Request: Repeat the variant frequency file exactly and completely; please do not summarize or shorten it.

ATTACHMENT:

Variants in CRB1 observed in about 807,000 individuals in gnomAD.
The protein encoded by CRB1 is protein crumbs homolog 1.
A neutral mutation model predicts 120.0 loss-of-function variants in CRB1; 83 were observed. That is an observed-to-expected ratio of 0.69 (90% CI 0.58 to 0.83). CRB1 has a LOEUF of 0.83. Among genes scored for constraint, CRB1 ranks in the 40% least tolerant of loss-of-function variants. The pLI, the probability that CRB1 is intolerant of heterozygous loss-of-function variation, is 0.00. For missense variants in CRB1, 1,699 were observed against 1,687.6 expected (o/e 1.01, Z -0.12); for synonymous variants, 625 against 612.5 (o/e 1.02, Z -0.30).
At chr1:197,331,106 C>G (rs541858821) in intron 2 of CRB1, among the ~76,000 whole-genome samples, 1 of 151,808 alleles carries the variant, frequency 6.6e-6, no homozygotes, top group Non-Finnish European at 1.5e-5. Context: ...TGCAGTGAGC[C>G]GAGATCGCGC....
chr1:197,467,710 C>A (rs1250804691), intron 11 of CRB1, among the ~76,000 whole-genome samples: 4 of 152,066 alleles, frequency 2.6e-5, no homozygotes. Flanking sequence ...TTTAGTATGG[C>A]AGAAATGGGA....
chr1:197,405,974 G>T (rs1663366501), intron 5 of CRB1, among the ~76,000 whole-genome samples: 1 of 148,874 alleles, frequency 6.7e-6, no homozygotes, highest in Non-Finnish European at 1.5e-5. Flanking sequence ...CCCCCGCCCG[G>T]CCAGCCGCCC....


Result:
Variants in CRB1 observed in about 807,000 individuals in gnomAD.
The protein encoded by CRB1 is protein crumbs homolog 1.
A neutral mutation model predicts 120.0 loss-of-function variants in CRB1; 83 were observed. That is an observed-to-expected ratio of 0.69 (90% CI 0.58 to 0.83). CRB1 has a LOEUF of 0.83. Among genes scored for constraint, CRB1 ranks in the 40% least tolerant of loss-of-function variants. The pLI, the probability that CRB1 is intolerant of heterozygous loss-of-function variation, is 0.00. For missense variants in CRB1, 1,699 were observed against 1,687.6 expected (o/e 1.01, Z -0.12); for synonymous variants, 625 against 612.5 (o/e 1.02, Z -0.30).
At chr1:197,331,106 C>G (rs541858821) in intron 2 of CRB1, among the ~76,000 whole-genome samples, 1 of 151,808 alleles carries the variant, frequency 6.6e-6, no homozygotes, top group Non-Finnish European at 1.5e-5. Context: ...TGCAGTGAGC[C>G]GAGATCGCGC....
chr1:197,467,710 C>A (rs1250804691), intron 11 of CRB1, among the ~76,000 whole-genome samples: 4 of 152,066 alleles, frequency 2.6e-5, no homozygotes. Flanking sequence ...TTTAGTATGG[C>A]AGAAATGGGA....
chr1:197,405,974 G>T (rs1663366501), intron 5 of CRB1, among the ~76,000 whole-genome samples: 1 of 148,874 alleles, frequency 6.7e-6, no homozygotes, highest in Non-Finnish European at 1.5e-5. Flanking sequence ...CCCCCGCCCG[G>T]CCAGCCGCCC....